So some props are in order today for splashing a good story on a report from the Census Bureau showing that poverty jumped last year and incomes tumbled.
The New York Times also fronts the news, but it buries the median income information in the 22nd paragraph.
Here’s the Journal’s superb lede (I ought to disclose while I’m doling out superlatives that the lead reporter on this, Conor Dougherty, is a pal from our cubicle-neighbor days at 200 Liberty Street):
The downturn that some have dubbed the “Great Recession” has trimmed the typical household’s income significantly, new Census data show, following years of stagnant wage growth that made the past decade the worst for American families in at least half a century.
In just the last two years, median incomes tumbled 4.2 percent. But that’s actually not as bad as you might expect. The Journal has some critical context:
The bureau said that the drop in income in the recent recession, so far, wasn’t much different from those recorded in the early 1990s and early 2000s recessions, and was actually smaller than the 6% drop recorded in the deep recession of the early 1980s.
But there is a difference this time: In the prior three recessions, incomes fell after years of upswing, then resumed growing once the downturn ended. The decline this time comes on top of a long period in which incomes stagnated even through the recovery of 2003 to 2007.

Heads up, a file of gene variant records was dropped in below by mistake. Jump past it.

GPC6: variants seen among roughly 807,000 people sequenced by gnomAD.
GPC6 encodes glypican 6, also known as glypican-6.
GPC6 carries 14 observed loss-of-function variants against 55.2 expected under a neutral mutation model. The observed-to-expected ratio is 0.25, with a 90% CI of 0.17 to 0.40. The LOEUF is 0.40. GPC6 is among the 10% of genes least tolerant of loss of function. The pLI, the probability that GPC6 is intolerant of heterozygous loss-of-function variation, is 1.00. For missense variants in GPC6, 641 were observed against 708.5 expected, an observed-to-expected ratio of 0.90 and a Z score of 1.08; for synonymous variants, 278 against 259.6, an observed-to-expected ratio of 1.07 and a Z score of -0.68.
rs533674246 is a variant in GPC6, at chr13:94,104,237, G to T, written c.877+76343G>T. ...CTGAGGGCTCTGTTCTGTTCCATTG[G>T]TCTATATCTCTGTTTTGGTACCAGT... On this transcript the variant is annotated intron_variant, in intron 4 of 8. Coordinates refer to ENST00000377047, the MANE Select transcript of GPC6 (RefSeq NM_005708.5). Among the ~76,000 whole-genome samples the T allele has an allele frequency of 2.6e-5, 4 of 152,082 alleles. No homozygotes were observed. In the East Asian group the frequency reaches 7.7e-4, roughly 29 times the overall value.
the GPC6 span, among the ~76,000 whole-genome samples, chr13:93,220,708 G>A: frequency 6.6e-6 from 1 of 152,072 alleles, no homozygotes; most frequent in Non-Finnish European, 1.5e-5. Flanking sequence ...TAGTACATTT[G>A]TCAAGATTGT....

Well, the incomes of the bottom 90 percent of earners stagnated during Larry Kudlow’s “Bush Boom,” anyway. The top 1 percent were just fine, thanks. Their incomes soared 62 percent during the recovery. And the top 0.1 percent nearly doubled their income.
It’s interesting that incomes have fallen less in this deep, sharp recession than they have in previous, less dramatic ones. Why would that be? That’s something to look into.
But because there were virtually no median income gains in the recovery, the median income is now far lower than it was a decade ago:
The inflation-adjusted income of the median household—smack in the middle of the populace—fell 4.8% between 2000 and 2009, even worse than the 1970s, when median income rose 1.9% despite high unemployment and inflation.
Both the Times and Journal do well to include context about the poverty numbers, which jumped by 10 percent or so to 44 million Americans—one in seven. Those numbers don’t account for antipoverty programs like food stamps that protect the poor. The Times says those (at least technically) push eight million people people above the poverty line.
Income stagnation and inequality is the most important economic story of the last ten years. It underlies so much of the flashier stuff that’s happened in the last three.
Good for the Journal for focusing on it.